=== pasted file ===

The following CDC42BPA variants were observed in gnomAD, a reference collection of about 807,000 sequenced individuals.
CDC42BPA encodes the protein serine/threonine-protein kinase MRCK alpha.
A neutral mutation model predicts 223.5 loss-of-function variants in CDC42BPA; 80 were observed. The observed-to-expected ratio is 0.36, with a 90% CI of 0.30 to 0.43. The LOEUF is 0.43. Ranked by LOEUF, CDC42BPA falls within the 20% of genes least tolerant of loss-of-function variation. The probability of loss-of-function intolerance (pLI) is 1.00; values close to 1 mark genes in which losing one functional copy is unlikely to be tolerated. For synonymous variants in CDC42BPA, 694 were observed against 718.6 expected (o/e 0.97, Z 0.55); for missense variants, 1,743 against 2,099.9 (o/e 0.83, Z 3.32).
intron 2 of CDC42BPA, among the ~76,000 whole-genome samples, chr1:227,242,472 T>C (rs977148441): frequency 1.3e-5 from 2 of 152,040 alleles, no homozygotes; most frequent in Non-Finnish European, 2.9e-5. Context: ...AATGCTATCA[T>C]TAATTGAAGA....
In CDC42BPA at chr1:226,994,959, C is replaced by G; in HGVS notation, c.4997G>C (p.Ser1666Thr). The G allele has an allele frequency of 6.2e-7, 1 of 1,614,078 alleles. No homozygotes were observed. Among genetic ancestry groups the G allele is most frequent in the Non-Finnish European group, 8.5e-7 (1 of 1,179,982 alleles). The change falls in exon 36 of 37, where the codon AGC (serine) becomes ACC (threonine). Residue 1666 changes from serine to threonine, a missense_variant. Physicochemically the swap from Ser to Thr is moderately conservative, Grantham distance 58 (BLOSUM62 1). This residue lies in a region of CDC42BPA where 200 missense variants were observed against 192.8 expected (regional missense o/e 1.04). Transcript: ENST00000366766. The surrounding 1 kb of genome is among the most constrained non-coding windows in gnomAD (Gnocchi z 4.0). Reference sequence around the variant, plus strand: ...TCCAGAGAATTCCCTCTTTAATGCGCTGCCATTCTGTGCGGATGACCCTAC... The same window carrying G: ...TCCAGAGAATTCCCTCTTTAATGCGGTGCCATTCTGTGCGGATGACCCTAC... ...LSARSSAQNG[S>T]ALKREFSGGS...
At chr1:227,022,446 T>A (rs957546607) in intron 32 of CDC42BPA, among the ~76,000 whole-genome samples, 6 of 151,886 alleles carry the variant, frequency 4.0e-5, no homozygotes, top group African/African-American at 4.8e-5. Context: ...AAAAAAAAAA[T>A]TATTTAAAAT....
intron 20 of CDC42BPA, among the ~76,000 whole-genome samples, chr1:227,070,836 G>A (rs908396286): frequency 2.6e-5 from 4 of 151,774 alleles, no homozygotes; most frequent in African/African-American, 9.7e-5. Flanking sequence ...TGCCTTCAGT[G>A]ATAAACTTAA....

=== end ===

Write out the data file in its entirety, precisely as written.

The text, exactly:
The following CDC42BPA variants were observed in gnomAD, a reference collection of about 807,000 sequenced individuals.
CDC42BPA encodes the protein serine/threonine-protein kinase MRCK alpha.
A neutral mutation model predicts 223.5 loss-of-function variants in CDC42BPA; 80 were observed. The observed-to-expected ratio is 0.36, with a 90% CI of 0.30 to 0.43. The LOEUF is 0.43. Ranked by LOEUF, CDC42BPA falls within the 20% of genes least tolerant of loss-of-function variation. The probability of loss-of-function intolerance (pLI) is 1.00; values close to 1 mark genes in which losing one functional copy is unlikely to be tolerated. For synonymous variants in CDC42BPA, 694 were observed against 718.6 expected (o/e 0.97, Z 0.55); for missense variants, 1,743 against 2,099.9 (o/e 0.83, Z 3.32).
intron 2 of CDC42BPA, among the ~76,000 whole-genome samples, chr1:227,242,472 T>C (rs977148441): frequency 1.3e-5 from 2 of 152,040 alleles, no homozygotes; most frequent in Non-Finnish European, 2.9e-5. Context: ...AATGCTATCA[T>C]TAATTGAAGA....
In CDC42BPA at chr1:226,994,959, C is replaced by G; in HGVS notation, c.4997G>C (p.Ser1666Thr). The G allele has an allele frequency of 6.2e-7, 1 of 1,614,078 alleles. No homozygotes were observed. Among genetic ancestry groups the G allele is most frequent in the Non-Finnish European group, 8.5e-7 (1 of 1,179,982 alleles). The change falls in exon 36 of 37, where the codon AGC (serine) becomes ACC (threonine). Residue 1666 changes from serine to threonine, a missense_variant. Physicochemically the swap from Ser to Thr is moderately conservative, Grantham distance 58 (BLOSUM62 1). This residue lies in a region of CDC42BPA where 200 missense variants were observed against 192.8 expected (regional missense o/e 1.04). Transcript: ENST00000366766. The surrounding 1 kb of genome is among the most constrained non-coding windows in gnomAD (Gnocchi z 4.0). Reference sequence around the variant, plus strand: ...TCCAGAGAATTCCCTCTTTAATGCGCTGCCATTCTGTGCGGATGACCCTAC... The same window carrying G: ...TCCAGAGAATTCCCTCTTTAATGCGGTGCCATTCTGTGCGGATGACCCTAC... ...LSARSSAQNG[S>T]ALKREFSGGS...
At chr1:227,022,446 T>A (rs957546607) in intron 32 of CDC42BPA, among the ~76,000 whole-genome samples, 6 of 151,886 alleles carry the variant, frequency 4.0e-5, no homozygotes, top group African/African-American at 4.8e-5. Context: ...AAAAAAAAAA[T>A]TATTTAAAAT....
intron 20 of CDC42BPA, among the ~76,000 whole-genome samples, chr1:227,070,836 G>A (rs908396286): frequency 2.6e-5 from 4 of 151,774 alleles, no homozygotes; most frequent in African/African-American, 9.7e-5. Flanking sequence ...TGCCTTCAGT[G>A]ATAAACTTAA....